“It’s going to be important to contain their speed. They’re a terrific transition team, they feast off turnovers and they’ve got some real high-end talent up front,” said Lowry. “So, it’s going to be important that we try and get some zone time on them. To try and limit the free chances that they get just by careless plays by us. So, it’s managing the puck properly and staying out of the box. They have a lethal power play as well.”
That power play is leading the NHL, with an efficiency rate of 31.2 per cent, so even on the rare nights when the Maple Leafs might not be operating at full potential, special teams have supplied a boost.
As the Jets find themselves in the chase position, it will be interesting to see how they respond.
It’s an area they’ve been able to excel at so far, posting a record of 6-0-1 coming off a loss.
Avoiding consecutive losses in regulation is one of the reasons the Jets have been able to stay within striking distance of first place, while so many of the other teams in the North have endured lengthy dry spells or gone through a crisis or two.
Whether you want to call it a measuring stick series or not, this figures to be appointment viewing.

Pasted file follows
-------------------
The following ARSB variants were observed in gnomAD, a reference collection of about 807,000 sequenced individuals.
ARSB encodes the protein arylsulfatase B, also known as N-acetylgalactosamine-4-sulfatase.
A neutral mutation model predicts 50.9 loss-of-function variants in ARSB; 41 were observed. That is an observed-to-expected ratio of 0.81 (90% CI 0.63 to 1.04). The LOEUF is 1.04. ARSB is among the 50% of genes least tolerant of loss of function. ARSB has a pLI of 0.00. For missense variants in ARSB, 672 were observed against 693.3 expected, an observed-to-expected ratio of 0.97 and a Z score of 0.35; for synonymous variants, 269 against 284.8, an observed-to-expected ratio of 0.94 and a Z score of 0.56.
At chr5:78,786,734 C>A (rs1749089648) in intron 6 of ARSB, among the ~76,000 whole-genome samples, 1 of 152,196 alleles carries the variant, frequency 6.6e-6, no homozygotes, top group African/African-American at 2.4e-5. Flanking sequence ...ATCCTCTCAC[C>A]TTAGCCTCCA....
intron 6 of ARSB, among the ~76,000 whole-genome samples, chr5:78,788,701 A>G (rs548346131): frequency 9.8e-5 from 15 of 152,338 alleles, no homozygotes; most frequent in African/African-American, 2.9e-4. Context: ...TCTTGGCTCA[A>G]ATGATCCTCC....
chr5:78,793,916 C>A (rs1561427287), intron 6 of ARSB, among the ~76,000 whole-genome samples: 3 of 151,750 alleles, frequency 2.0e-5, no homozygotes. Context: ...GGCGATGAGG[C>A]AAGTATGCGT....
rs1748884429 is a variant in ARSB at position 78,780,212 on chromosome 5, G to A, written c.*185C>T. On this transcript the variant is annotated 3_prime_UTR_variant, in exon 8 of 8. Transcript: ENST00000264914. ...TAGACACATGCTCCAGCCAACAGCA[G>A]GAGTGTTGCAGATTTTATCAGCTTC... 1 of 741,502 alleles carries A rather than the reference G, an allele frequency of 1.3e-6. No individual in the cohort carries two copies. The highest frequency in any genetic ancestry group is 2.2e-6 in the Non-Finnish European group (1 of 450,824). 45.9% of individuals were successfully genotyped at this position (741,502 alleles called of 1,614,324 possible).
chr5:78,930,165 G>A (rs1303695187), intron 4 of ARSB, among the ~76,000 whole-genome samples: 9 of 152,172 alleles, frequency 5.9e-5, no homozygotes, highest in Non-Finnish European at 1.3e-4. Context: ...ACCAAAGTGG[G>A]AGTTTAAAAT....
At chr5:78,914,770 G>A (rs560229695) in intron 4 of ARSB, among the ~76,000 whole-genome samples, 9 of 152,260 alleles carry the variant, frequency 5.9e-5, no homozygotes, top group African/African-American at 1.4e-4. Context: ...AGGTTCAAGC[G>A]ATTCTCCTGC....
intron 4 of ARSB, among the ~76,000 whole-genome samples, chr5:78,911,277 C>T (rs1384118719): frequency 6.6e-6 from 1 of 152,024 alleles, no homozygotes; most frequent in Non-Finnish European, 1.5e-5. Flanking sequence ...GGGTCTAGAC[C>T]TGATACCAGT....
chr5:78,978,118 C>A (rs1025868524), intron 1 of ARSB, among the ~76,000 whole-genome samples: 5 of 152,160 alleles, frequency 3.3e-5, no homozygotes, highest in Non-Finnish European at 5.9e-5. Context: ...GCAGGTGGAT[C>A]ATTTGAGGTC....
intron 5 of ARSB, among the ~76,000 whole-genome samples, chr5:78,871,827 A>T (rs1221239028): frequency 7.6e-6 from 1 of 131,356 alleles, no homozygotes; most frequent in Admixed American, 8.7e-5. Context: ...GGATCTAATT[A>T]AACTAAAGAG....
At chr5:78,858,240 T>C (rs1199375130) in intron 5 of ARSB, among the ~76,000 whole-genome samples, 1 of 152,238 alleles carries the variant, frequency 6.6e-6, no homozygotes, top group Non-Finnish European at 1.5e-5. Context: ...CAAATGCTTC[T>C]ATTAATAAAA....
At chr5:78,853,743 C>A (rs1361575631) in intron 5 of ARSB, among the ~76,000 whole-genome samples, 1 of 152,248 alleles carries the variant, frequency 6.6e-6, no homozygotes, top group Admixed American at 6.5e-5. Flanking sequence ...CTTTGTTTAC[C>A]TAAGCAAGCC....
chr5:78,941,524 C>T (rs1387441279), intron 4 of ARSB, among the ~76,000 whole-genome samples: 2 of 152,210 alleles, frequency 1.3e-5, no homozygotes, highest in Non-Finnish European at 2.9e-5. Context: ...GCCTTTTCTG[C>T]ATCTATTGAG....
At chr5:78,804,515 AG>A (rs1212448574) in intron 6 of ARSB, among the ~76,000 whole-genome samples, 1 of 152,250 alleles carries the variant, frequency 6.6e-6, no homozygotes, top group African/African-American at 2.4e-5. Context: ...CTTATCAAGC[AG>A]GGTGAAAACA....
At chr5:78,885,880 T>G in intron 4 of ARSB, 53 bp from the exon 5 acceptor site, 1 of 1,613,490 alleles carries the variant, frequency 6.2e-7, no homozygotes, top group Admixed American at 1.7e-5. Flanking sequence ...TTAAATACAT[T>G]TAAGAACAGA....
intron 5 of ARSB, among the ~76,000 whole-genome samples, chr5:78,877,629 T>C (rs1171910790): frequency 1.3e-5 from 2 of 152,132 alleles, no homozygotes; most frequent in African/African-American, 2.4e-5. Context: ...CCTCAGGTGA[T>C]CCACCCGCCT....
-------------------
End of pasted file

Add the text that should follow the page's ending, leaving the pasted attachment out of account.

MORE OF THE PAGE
Drouin must return to mentality that’s led to success this season – Sportsnet.ca
It was something Dominique Ducharme said after his Montreal Canadiens played an abysmal game against the Ottawa Senators last week, something that only truly resonated after they lost 3-2 to the Toronto Maple Leafs on Wednesday — a game that emboldened the struggle Jonathan Drouin’s currently enduring.
“Ninety per cent of the mistakes we made were mental, and the rest of it was above our shoulders.” the coach said after the 6-3 loss to Ottawa last Saturday, somewhat channelling New York Yankees legend Yogi Berra with this bit of wit and wisdom.
It was hard not to think of those words watching Drouin play the way he did on Wednesday. For much of this season, the talented left winger has played a primary role in Montreal’s success. He’s led them with 19 assists, been tenacious on the forecheck, physically engaged all over the ice, cerebral as always in his execution and, as he’s said on several occasions, relatively unconcerned by whether or not his name has been featured on the scoresheet.
But it seemed clear, after watching Drouin dump a breakaway into Jack Campbell’s chest with one of 32 shots the Maple Leafs goaltender turned aside to set a franchise record with his 10th consecutive win, he had diverted from that. And that affected the way he played the rest of the game.